Following our December newsletter, we received a very personal account of one young farmer’s experience of the danger of pushing man and machine beyond acceptable limits. Although anonymous, he has agreed to share his thoughts on the stresses of modern day farming in the UK and the lessons we can learn from across the world.
Dear Yellow Wellies…
I am writing to you following your recent December newsletter and the mention of mental health and stress in agriculture. Whilst what I am going to share is not a survivor story so to speak, I feel it is something worth sharing as I feel it is a problem that is somewhat endemic in UK agriculture, especially in the large scale arable sector.
I am not from a family farming background so I suppose that gives me the ability to see things from an outsider’s perspective. I started my agriculture career in 2008 by taking a degree and within that were summer work placements and also a full year in employment as part of the course. As my interests lay within the arable sector I took jobs on some large-scale arable enterprises. We all know that at certain times of the year there are some long hours required to get the job done at the sacrifice of personal time. I took this on the chin as I knew that these were fixed term contracts and that they would end. However, it got me thinking by the time I returned for my final year at university that with some simple improvements in management efficiency, things could be improved on these enterprises.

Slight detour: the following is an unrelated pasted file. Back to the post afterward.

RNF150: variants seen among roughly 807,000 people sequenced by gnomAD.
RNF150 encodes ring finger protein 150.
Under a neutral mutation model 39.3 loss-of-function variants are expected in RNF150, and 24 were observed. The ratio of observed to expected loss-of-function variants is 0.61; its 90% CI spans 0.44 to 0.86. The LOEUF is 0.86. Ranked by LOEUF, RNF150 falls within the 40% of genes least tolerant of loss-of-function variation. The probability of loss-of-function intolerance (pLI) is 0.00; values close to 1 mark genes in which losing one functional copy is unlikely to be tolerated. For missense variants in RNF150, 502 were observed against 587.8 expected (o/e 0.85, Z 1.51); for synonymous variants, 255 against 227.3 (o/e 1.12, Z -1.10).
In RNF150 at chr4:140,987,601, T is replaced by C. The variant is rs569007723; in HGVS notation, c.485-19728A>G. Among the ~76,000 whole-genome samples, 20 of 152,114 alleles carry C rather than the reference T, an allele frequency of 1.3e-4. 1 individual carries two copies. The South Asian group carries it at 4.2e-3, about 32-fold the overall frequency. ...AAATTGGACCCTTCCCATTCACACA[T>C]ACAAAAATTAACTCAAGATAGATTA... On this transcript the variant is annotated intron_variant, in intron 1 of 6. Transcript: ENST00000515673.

During my work placements there had been the phrase “well that’s just farming” which was used on a number of occasions and I felt this was just being used as an excuse to push man and machine beyond acceptable limits.
I felt I needed to get something to compare against so following my degree, I decided to travel and work elsewhere in the world to see if there were any better ways to do things. I took two jobs for the year following my degree, one with a large scale forage contractor in New Zealand and one with a large scale arable enterprise on the Canadian prairies.
Whilst the farming practices were very different, the Canadian enterprise stood out very clearly for the way they supported staff during the peak overtime hours. We worked even more hours than I had done previously in the UK but due to their management practices I felt no worse than if I was working a 9-5. They would take a full break and provide a healthy cooked meal every day during seeding and harvest. This would not only give us the energy to continue on well into the night every day but by stopping and walking away from the job and coming together as a group to just talk with each other and socialise for 30 minutes, it gave a mental break from the isolation of being sat in the cab with nothing but your own thoughts for anything up to 18 hours a day.
This experience opened my eyes to how something so simple can be so useful to maintain both a healthy mind, positive staff morale and help build the team during the long hours that the job requires. When I returned to the UK, I applied for a job back on the same large enterprise that I had done my full year’s placement with previously. They had changed management in the years since I had been there last and when I returned for interview they were adamant that practices had changed, they had improved their efficiencies and supported staff much more.